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Inspection carried out on 24 October 2017

During a routine inspection

Oatleigh Care Ltd is a care home. People in care homes receive accommodation and nursing or personal care as single package under one contractual agreement. CQC regulates both the premises and the care provided, and both were looked at during this inspection. The care home accommodates 43 people across three separate units over three floors, each of which have separate adapted facilities including dining rooms and sitting areas. There were 38 people using the service when we visited.

This unannounced inspection took place on 24 October 2017. At the last inspection on 8 September 2015, the service was rated Good. At this inspection we found the service remained Good.

The service had a registered manager who had worked at the service for several years. A registered manager is a person who has registered with the Care Quality Commission to manage the service. Like registered providers, they are ‘registered persons’. Registered persons have legal responsibility for meeting the requirements in the Health and Social Care Act 2008 and associated Regulations about how the service is run.

People’s medicines were administered, handled and managed safely. Risks to people were assessed and plans put in place to mitigate risks. Staff were trained on safeguarding adults from abuse. They were knowledgeable on the procedures to protect people from abuse. There were sufficient staff available to meet people’s needs safely.

The environment was safe and well maintained as health and safety checks were in place. The service was clean and free from odour. Staff followed infection control guidance. Staff reported incidents and accidents and the registered manager reviewed them and used them to improve the service.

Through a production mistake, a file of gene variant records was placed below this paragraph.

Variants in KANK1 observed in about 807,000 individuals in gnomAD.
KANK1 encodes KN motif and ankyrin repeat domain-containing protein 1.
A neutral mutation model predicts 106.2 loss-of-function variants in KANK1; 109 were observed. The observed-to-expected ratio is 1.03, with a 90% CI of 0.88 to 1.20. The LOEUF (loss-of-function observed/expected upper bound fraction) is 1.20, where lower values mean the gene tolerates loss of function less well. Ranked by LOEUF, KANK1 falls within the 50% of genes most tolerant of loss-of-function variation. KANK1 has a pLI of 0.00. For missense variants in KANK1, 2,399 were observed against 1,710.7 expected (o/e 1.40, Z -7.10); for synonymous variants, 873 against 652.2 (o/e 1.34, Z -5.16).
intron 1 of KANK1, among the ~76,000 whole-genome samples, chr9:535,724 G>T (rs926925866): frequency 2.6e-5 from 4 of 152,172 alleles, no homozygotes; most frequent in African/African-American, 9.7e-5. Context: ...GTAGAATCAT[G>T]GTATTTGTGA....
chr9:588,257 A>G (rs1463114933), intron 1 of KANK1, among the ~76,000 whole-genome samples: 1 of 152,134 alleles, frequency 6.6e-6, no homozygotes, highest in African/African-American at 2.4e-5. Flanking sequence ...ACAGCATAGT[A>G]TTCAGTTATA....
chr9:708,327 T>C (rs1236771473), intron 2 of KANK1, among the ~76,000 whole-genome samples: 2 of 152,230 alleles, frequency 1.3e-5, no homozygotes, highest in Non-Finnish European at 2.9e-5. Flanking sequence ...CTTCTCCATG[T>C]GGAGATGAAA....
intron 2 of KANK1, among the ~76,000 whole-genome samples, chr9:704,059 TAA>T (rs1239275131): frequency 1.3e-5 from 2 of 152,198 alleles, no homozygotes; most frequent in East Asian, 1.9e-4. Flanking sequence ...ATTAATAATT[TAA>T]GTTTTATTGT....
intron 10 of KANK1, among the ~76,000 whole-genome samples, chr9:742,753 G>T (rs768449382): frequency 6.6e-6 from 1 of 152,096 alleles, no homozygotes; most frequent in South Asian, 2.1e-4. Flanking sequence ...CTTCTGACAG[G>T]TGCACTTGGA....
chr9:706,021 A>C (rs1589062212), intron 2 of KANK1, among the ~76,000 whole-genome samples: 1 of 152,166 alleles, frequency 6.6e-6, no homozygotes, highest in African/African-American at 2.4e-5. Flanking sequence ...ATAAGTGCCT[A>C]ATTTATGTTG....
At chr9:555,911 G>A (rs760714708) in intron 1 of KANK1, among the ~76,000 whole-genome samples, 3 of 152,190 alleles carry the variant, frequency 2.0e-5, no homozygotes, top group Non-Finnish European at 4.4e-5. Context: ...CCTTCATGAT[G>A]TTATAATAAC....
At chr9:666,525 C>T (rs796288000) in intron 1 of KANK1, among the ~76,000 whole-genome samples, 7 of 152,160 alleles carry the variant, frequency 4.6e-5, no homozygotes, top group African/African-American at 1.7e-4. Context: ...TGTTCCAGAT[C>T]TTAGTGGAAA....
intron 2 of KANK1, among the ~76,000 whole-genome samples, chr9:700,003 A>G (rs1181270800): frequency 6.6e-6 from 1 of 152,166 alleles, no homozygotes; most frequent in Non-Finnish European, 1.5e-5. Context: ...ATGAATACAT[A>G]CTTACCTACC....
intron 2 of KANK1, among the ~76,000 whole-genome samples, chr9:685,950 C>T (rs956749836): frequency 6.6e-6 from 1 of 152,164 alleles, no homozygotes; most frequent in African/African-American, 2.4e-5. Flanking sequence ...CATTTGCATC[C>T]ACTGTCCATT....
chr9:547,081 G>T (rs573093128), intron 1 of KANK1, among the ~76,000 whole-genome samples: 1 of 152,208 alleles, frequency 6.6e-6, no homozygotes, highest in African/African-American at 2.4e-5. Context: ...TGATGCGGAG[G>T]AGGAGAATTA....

People received food and drinks to meet their nutritional needs and dietary requirements. Staff were trained, supported and supervised to provide effective care to the people and to carry out their duties effectively. People were supported to access various healthcare services to meet their needs.

People consented to the care and support they received. The service complied with the requirements of the Mental Capacity Act 2005 and the Deprivation of Liberty Safeguards (DoLS). Staff had been trained and understood their responsibilities.

Staff were kind and compassionate to people. We observed that staff treated people with respect and promoted their dignity. Staff knew how to communicate with people in the way they understood. Staff also understood people’s emotional needs. Staff provided people with the comfort and reassurance they needed in times of agitation and distress.

People at the final stages of their lives were supported in line with their wishes and they were cared for in a dignified way.

People’s individual needs were assessed, planned and delivered in a way that met their needs and preferences. People and their relatives were involved in the review of their care needs. Care plans were updated to reflect people’s current needs.

People were kept occupied and encouraged to participate in activities they enjoyed. The service sought the views of people and their relatives and used these to improve the service. People and their relatives knew how to complain if they were unhappy about the service. There were regular quality checks which took place to assess and monitor the quality of service provided.

Inspection carried out on 8 September 2015

During a routine inspection

This inspection took place on 8 September 2015 and was unannounced.

Oatleigh Care Ltd provides residential care and support for up to 42 older people, many of whom are living with dementia. Nursing care was not being provided at the time of this inspection and CQC are currently considering the provider’s registration for this regulated activity.

It is one of three locations at the same address owned by the provider. The service is located in the Oatleigh building and is situated on the second, third and fourth floors also known as ‘Covent Garden’, ‘Downing Street’ and ‘Edwards Square’. Some services and facilities such as activities, kitchen and laundry arrangements are shared between the locations as a community. Oatleigh Care Ltd has its own staff and operates independently, under the overall supervision and management control of the provider.